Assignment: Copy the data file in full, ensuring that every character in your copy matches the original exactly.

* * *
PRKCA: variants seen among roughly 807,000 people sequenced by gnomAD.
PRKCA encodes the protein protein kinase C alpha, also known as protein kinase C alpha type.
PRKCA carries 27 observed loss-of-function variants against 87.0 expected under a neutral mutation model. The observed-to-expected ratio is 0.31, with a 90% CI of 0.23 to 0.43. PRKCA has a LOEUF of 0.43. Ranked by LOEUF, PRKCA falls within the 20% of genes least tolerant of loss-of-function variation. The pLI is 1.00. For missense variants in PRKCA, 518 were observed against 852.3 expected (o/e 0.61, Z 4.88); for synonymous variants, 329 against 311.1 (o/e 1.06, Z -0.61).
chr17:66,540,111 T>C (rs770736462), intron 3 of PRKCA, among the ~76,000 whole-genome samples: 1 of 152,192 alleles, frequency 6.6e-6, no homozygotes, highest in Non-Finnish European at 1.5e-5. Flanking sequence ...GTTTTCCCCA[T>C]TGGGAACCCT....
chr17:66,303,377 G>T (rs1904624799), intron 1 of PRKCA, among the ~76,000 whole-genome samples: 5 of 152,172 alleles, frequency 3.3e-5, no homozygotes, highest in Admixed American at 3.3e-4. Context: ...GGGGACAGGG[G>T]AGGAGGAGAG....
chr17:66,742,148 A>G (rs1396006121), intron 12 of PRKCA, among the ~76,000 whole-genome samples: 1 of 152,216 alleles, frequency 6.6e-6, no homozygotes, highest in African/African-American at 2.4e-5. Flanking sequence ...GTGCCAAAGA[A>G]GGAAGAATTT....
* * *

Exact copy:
PRKCA: variants seen among roughly 807,000 people sequenced by gnomAD.
PRKCA encodes the protein protein kinase C alpha, also known as protein kinase C alpha type.
PRKCA carries 27 observed loss-of-function variants against 87.0 expected under a neutral mutation model. The observed-to-expected ratio is 0.31, with a 90% CI of 0.23 to 0.43. PRKCA has a LOEUF of 0.43. Ranked by LOEUF, PRKCA falls within the 20% of genes least tolerant of loss-of-function variation. The pLI is 1.00. For missense variants in PRKCA, 518 were observed against 852.3 expected (o/e 0.61, Z 4.88); for synonymous variants, 329 against 311.1 (o/e 1.06, Z -0.61).
chr17:66,540,111 T>C (rs770736462), intron 3 of PRKCA, among the ~76,000 whole-genome samples: 1 of 152,192 alleles, frequency 6.6e-6, no homozygotes, highest in Non-Finnish European at 1.5e-5. Flanking sequence ...GTTTTCCCCA[T>C]TGGGAACCCT....
chr17:66,303,377 G>T (rs1904624799), intron 1 of PRKCA, among the ~76,000 whole-genome samples: 5 of 152,172 alleles, frequency 3.3e-5, no homozygotes, highest in Admixed American at 3.3e-4. Context: ...GGGGACAGGG[G>T]AGGAGGAGAG....
chr17:66,742,148 A>G (rs1396006121), intron 12 of PRKCA, among the ~76,000 whole-genome samples: 1 of 152,216 alleles, frequency 6.6e-6, no homozygotes, highest in African/African-American at 2.4e-5. Flanking sequence ...GTGCCAAAGA[A>G]GGAAGAATTT....